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October 17, 2022
134 x 102 x 209 mm
The HyperX ProCast microphone is HyperX’s entry into the newest wave of prosumer XLR microphones. Unlike other microphones this one eschews expansive features and other gimmicks to focus entirely on sound and build quality. It’s up against established microphones from the likes of Audio-Technica and Rode, but can it compete?
Editor’s note: this is the first version of the article. Updates will follow as the market changes.
The HyperX ProCast is targeted pretty squarely at the prosumer market. HyperX’s usual focus on gaming products means that this microphone may be attractive to gamers, but nothing about the design or build of this microphone really reflects it being a gaming product. It’s a basic microphone that suits anyone with an audio interface and the right budget.
What’s it like to use the HyperX ProCast?
The HyperX ProCast is a really well built microphone, most clearly designed for single source voice applications like podcasting and streaming. It has a sturdy metal frame, and comes with an elastic-suspended shock mount for reducing vibrations, which needs a microphone stand (not included). It’s designed for on any common microphone stand, and compatible with the standard 5/8-inch and 3/8-inch screw sizes. It also comes with a detachable metal plate designed to serve as a pop filter, though it lacks any actual foam or other material that might handle this task better. Overall it’s a hefty and substantial microphone, and the price reflects that—it’s at least on par with something like the AT2020, but with an included suspension mount.
The HyperX ProCast is pretty clearly aimed at the same market as other mid-to-high end XLR microphones meant for streaming or podcasting. This includes premium options such as the Shure SM7B. The HyperX ProCast does certainly earn its price tag in terms of build quality, but it may have a hard time competing against the other microphones in this category that justify their price tag just as much through prestige and familiarity for sound engineers as they do through build quality.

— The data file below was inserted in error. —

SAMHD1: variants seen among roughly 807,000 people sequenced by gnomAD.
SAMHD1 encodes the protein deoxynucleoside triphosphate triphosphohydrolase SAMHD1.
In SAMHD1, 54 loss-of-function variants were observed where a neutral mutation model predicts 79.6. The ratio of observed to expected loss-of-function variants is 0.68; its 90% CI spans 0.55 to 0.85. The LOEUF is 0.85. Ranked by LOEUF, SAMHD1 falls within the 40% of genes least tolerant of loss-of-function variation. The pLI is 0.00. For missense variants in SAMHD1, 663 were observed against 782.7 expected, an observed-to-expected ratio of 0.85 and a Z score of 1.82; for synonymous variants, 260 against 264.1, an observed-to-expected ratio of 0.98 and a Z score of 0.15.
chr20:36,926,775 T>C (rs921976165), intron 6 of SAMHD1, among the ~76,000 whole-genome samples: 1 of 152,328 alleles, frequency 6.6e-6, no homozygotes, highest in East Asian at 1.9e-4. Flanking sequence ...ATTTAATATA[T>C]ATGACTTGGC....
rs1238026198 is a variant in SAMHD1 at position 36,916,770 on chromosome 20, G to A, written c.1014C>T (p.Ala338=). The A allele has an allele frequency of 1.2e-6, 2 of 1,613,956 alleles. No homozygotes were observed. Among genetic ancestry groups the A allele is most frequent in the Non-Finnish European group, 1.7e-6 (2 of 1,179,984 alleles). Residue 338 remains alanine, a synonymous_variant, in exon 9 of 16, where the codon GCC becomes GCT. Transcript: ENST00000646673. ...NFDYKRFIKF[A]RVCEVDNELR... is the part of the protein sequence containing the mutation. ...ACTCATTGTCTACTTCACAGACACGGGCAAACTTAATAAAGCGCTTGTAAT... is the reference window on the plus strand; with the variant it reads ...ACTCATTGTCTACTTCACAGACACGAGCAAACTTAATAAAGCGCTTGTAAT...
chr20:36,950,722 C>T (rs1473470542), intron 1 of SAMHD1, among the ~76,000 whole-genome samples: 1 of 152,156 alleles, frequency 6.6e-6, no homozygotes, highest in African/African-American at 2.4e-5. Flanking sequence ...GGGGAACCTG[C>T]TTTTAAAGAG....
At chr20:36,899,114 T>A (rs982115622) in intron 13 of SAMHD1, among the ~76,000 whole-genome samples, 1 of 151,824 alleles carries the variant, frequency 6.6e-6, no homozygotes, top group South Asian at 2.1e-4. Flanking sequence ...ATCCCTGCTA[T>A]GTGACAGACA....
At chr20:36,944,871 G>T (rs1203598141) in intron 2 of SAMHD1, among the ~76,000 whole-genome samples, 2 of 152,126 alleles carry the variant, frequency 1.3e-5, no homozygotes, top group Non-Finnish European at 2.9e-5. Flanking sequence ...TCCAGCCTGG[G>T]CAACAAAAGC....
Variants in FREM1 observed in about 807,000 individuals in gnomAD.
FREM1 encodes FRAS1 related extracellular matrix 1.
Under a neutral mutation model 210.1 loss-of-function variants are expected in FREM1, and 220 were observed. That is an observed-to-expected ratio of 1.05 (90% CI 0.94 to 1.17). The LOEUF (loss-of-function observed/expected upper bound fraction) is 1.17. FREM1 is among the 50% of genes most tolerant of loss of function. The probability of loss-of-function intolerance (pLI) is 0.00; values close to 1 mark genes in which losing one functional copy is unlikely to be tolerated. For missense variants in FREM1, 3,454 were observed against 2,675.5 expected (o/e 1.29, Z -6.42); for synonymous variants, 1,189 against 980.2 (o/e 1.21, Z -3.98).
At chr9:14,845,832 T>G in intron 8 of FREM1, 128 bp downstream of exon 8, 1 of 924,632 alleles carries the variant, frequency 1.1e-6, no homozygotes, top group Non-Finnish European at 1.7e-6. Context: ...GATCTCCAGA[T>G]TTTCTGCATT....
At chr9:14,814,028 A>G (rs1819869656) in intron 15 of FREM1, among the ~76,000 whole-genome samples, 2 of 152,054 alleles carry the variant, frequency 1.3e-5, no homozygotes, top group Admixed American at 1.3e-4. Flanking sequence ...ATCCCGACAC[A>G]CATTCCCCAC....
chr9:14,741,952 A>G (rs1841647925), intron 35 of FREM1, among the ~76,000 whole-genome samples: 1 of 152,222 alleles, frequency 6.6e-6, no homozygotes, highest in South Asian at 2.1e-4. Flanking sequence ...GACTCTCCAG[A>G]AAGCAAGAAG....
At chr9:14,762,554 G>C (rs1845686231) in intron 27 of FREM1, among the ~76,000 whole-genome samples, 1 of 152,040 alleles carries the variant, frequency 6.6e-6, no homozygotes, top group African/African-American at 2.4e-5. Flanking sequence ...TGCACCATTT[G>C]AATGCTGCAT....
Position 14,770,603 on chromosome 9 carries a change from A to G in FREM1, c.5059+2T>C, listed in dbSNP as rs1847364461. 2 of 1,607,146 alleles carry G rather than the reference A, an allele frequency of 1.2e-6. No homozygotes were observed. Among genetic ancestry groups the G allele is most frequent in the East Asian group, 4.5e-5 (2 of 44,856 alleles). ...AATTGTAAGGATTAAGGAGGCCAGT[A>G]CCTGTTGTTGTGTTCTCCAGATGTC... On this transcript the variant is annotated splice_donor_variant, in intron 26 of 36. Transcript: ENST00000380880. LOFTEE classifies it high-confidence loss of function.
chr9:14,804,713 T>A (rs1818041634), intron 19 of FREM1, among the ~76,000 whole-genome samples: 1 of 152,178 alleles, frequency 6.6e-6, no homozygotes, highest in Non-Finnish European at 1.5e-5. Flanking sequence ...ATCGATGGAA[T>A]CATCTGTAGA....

How do you control the HyperX ProCast?
The HyperX ProCast is sparse when it comes to controls. Since it’s an XLR microphone it has no way to communicate via software with your computer. There are two controls on the unit itself: a pair of DIP-like switches close to the output. There’s a low cut switch to remove some of the lowest frequencies from the signal, as well as a -10dB pad designed to lower the signal by 10dB. These features are adequate, but the lack of options for different pickup patterns or any other controls limit the ProCast’s versatility. You won’t be able to swap between polar patterns like with the HyperX QuadCast S.
How does the HyperX ProCast connect?
The HyperX ProCast connects using a single XLR cable and nothing else. This means that if you’re using this microphone with your computer you’re going to need an external audio interface to go along with it. It does not have any option to connect over USB.
Yes, the HyperX ProCast requires 48V phantom power, which most audio interfaces can provide over the XLR cable.
How does the HyperX ProCast sound?
Since the HyperX ProCast is aimed at home users looking for a high quality microphone for podcasting or streaming, sound quality is the most important part to evaluate. This is a condenser microphone with only a cardioid pickup pattern. The diaphragm inside the microphone (responsible for picking up sound directed at it) is fairly large, which generally serves the quality of this microphone.